4. Save the images of chips without soldering the NAND
  5. Temporarily disable the TRIM command
  6. Detect the passwords previously set on SSDs
  7. View defects of memory chips with a Defect manager
  8. Use Low-Level Format commands to format the drives and restore the original Repair Functions

At the moment PC-3000 SSD supports a wide range of Solid State Drives of many vendors: ADATA, AMD, Corsair, Crucial, OCZ, Intel, Kingston, Micron, Patriot, Plextor, Lite-On, PNY, Samsung, SanDisk, Seagate, Silicon Power, Smartbuy, GoodRAM, Seagate, G.Skill, RunCore and others.

A lot of SSDs are manufactured with the universally used Techno Mode, so the outlined method may be applied to various devices. However, SSDs often come with their own versions of Techno Mode. Even two similar models of, say, Plextor, Sandisk, Micron or Crucial may have different pairs of “Firmware-Controller”. ACE Lab conducts constant research in order to enhance the method, the software and tools, to include every known brand and producer.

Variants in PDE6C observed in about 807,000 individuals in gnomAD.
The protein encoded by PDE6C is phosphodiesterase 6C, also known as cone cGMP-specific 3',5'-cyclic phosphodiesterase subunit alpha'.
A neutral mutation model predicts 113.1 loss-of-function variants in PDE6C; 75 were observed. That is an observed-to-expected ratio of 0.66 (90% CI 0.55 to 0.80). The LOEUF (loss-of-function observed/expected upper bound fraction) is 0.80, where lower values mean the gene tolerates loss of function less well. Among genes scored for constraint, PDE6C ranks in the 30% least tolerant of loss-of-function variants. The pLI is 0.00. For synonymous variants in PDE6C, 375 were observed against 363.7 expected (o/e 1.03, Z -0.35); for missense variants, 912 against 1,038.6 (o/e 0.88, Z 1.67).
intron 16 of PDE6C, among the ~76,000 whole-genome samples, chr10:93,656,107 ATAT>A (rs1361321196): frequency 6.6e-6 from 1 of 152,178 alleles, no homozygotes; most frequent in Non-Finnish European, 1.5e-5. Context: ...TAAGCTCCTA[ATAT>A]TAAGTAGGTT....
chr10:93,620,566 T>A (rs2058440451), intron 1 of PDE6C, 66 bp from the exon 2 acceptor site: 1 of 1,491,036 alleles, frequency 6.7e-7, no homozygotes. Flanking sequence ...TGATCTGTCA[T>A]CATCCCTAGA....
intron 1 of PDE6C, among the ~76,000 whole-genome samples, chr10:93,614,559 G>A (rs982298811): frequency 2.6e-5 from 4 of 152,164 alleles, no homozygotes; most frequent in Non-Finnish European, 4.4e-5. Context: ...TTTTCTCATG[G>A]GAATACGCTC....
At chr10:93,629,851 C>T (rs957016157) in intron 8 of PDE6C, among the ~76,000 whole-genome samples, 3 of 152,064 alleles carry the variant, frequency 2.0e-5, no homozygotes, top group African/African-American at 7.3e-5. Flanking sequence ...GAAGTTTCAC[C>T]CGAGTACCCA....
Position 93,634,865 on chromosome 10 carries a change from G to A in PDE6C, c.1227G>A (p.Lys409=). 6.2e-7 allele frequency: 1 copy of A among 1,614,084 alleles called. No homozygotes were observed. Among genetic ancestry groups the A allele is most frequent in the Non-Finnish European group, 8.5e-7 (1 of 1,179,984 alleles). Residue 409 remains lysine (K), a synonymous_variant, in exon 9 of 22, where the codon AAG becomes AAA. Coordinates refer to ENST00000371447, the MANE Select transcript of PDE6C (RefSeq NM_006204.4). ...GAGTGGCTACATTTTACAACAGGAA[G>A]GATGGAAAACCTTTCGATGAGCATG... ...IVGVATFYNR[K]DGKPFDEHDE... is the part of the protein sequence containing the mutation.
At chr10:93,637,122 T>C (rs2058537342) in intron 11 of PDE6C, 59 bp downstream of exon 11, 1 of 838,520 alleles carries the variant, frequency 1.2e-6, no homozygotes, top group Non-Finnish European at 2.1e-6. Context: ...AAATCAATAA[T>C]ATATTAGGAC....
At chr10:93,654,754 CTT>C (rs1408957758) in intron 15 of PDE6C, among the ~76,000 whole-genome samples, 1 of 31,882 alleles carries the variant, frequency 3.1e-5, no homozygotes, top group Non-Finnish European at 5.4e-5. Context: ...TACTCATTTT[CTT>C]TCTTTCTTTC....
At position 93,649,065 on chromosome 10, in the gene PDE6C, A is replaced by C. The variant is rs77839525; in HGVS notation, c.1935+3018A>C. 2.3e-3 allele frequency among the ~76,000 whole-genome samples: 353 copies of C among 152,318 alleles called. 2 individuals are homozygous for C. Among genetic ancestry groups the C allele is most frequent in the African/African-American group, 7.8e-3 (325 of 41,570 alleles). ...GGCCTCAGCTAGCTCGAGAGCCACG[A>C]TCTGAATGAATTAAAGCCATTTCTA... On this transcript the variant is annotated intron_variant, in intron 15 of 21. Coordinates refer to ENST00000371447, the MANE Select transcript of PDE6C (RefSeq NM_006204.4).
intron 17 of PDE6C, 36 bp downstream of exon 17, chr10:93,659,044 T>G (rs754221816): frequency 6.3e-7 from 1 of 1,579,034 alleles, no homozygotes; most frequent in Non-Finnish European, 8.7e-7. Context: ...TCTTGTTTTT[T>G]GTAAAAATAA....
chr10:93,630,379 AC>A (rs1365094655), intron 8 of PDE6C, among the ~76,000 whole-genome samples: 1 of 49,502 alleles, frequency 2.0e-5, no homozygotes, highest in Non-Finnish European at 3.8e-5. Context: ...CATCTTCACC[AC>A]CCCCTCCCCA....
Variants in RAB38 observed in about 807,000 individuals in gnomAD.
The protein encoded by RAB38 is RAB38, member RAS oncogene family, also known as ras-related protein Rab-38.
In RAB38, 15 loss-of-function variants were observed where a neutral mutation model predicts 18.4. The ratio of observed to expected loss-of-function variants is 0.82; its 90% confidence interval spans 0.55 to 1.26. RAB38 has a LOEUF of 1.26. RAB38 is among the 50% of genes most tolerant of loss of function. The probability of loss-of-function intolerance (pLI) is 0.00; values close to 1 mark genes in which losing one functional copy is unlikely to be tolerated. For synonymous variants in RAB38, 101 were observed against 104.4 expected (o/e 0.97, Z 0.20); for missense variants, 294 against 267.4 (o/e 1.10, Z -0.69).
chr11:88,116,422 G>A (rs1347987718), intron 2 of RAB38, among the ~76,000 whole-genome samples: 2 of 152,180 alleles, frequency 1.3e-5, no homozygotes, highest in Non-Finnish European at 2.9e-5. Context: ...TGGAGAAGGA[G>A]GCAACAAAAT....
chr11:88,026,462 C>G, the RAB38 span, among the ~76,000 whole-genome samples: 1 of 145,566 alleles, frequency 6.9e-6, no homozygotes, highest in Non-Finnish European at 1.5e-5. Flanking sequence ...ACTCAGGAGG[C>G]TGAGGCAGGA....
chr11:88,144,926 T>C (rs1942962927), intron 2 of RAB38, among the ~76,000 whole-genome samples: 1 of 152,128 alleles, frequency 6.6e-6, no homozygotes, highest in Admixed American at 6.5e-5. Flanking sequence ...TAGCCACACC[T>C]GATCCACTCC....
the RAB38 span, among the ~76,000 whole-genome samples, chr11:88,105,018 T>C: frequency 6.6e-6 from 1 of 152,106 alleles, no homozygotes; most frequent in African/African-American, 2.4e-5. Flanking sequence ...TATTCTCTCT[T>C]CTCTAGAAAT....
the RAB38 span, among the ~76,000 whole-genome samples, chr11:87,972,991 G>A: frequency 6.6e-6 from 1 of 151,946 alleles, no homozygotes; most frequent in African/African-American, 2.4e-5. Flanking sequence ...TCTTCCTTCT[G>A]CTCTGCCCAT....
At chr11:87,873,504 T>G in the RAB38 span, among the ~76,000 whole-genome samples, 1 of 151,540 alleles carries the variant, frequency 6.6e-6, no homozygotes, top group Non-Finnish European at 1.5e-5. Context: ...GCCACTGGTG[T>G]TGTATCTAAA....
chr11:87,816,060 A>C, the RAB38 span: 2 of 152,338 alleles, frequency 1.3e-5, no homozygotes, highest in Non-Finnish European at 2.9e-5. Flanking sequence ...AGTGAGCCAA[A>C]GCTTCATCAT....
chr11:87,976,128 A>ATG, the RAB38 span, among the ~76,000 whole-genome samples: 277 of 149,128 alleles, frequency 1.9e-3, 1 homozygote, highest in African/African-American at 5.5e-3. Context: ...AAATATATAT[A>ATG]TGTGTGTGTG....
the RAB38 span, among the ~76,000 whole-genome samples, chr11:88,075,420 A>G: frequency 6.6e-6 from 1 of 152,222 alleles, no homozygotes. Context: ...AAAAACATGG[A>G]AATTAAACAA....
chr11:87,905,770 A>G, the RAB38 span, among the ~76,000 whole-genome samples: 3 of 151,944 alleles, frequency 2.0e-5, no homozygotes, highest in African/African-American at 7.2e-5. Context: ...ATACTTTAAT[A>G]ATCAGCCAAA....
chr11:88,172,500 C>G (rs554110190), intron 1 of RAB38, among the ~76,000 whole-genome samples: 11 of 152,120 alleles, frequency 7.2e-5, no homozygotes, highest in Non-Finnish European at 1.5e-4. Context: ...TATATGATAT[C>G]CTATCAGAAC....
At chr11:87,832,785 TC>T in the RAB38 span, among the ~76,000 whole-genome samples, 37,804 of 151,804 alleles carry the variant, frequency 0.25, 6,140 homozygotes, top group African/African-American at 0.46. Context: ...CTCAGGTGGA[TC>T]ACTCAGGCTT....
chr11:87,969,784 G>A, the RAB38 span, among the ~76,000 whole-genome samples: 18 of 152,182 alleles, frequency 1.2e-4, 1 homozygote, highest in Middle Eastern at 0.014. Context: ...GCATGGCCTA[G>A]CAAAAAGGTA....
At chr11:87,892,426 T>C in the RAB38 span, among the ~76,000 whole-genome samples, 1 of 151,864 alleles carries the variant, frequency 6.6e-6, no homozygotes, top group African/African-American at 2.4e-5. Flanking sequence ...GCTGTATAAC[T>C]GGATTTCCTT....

In addition, to restore the operability of damaged SSDs, the Techno Mode may help with recovering deleted files that usually can be completely erased in a few hours. Another important advantage of using the Techno Mode is an ability to both bypass and detect the passwords previously set on SSDs. This option is very beneficial when a criminal uses the same password on a computer, cell phone, email account or other drives.


ACE Lab is internationally recognized as an innovator in the development of the most cutting-edge solutions for recovering data and evidence from storage devices like HDD, SSD, Flash drives, RAID and others. ACE Lab has set the benchmark for professional data recovery and remains the proven leader in the field for 26 years since its foundation in 1992. Data recovery engineers and digital forensics experts from over 115 countries award their trust to the PC-3000 solutions as the most comprehensive and reliable professional data recovery tools.

About scar

Scar de Courcier is an assistant editor at Forensic Focus.